3Now when Jesus came into the district of Caesarea Philippi, he asked his disciples, “Who do people say that the Son of Man is?” 14And they said, “Some say John the Baptist, but others Elijah, and still others Jeremiah or one of the prophets.” 15He said to them, “But who do you say that I am?” 16Simon Peter answered, “You are the Messiah, the Son of the living God.” 17And Jesus answered him, “Blessed are you, Simon son of Jonah! For flesh and blood has not revealed this to you, but my Father in heaven. 18And I tell you, you are Peter, and on this rock I will build my church, and the gates of Hades will not prevail against it. 19I will give you the keys of the kingdom of heaven, and whatever you bind on earth will be bound in heaven, and whatever you loose on earth will be loosed in heaven.” 20Then he sternly ordered the disciples not to tell anyone that he was the Messiah.
17Six days later, Jesus took with him Peter and James and his brother John and led them up a high mountain, by themselves. 2And he was transfigured before them, and his face shone like the sun, and his clothes became dazzling white. 3Suddenly there appeared to them Moses and Elijah, talking with him. 4Then Peter said to Jesus, “Lord, it is good for us to be here; if you wish, I will make three dwellings here, one for you, one for Moses, and one for Elijah.” 5While he was still speaking, suddenly a bright cloud overshadowed them, and from the cloud a voice said, “This is my Son, the Beloved; with him I am well pleased; listen to him!” 6When the disciples heard this, they fell to the ground and were overcome by fear. 7But Jesus came and touched them, saying, “Get up and do not be afraid.” 8And when they looked up, they saw no one except Jesus himself alone. 9As they were coming down the mountain, Jesus ordered them, “Tell no one about the vision until after the Son of Man has been raised from the dead.”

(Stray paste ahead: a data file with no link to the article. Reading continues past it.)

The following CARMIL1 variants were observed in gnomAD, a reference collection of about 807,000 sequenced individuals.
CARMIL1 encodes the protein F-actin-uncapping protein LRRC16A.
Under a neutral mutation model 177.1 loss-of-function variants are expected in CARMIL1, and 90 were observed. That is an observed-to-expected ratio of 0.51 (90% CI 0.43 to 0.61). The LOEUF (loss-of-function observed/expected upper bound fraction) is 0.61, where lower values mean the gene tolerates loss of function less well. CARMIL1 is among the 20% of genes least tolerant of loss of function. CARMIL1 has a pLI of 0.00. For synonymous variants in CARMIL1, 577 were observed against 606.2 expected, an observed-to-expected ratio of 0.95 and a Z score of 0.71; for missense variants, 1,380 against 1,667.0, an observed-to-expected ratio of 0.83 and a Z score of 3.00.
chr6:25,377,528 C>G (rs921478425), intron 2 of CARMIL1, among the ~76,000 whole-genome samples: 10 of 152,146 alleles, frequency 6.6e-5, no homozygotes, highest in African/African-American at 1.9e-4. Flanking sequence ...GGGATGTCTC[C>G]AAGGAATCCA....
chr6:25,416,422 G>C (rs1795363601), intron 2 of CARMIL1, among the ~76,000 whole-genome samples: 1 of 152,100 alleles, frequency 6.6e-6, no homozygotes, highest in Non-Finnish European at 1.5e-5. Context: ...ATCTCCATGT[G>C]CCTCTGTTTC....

Who do you say that I am?
Thank you, Noah for bringing us that reading from Matthew 16. What an interesting question Jesus asks his disciples: “You are out and about! What do you hear on the street? Who do you fellows say that I am?” And Simon says, “Well, Jesus, they mostly say that you are a prophet – like John the Baptist, or Elijah, or maybe even Moses!” And then Jesus asks another question: “Well, who do you say that I am?” He really puts them on the spot!
These men (and some women, too) have only known Jesus for two years, and a good bit of that time, they’ve been pretty confused about that very issue! They have witnessed miracles like turning water into wine, and healings, and raising people from the dead. They have seen Jesus talk to all manner of people and heard him do lots of preaching about how the Kingdom of God is coming, but, frankly, much of what Jesus says doesn’t make sense, and where is this kingdom he keeps talking about? So how do we answer that question: “Who do you think that I am?” A teacher? A prophet? A preacher? A madman? A divine healer? A reincarnation of Abraham or Moses? For these confused followers, it was a difficult question, and I bet there was some shuffling of feet, downward glances, and an uncomfortable silence.
But Simon Peter saves the day. He pops up with an answer: “You, Lord, are the Messiah, the Son of the Living God.” And it’s the right answer, because Jesus says, “Blessed are you! God has allowed you to see who I really am. And I will make you into exactly what your name means: You will be the rock on which I build my church!”
Now, if Jesus walked into this church this morning, and stood where I am standing and said, “ John Eckman, who do you say that I am?” I think you might have a ready answer, because you like most of us have been pondering that question for 20, 30, 40 years. We have learned the words to describe our faith, and we have formulated our answer.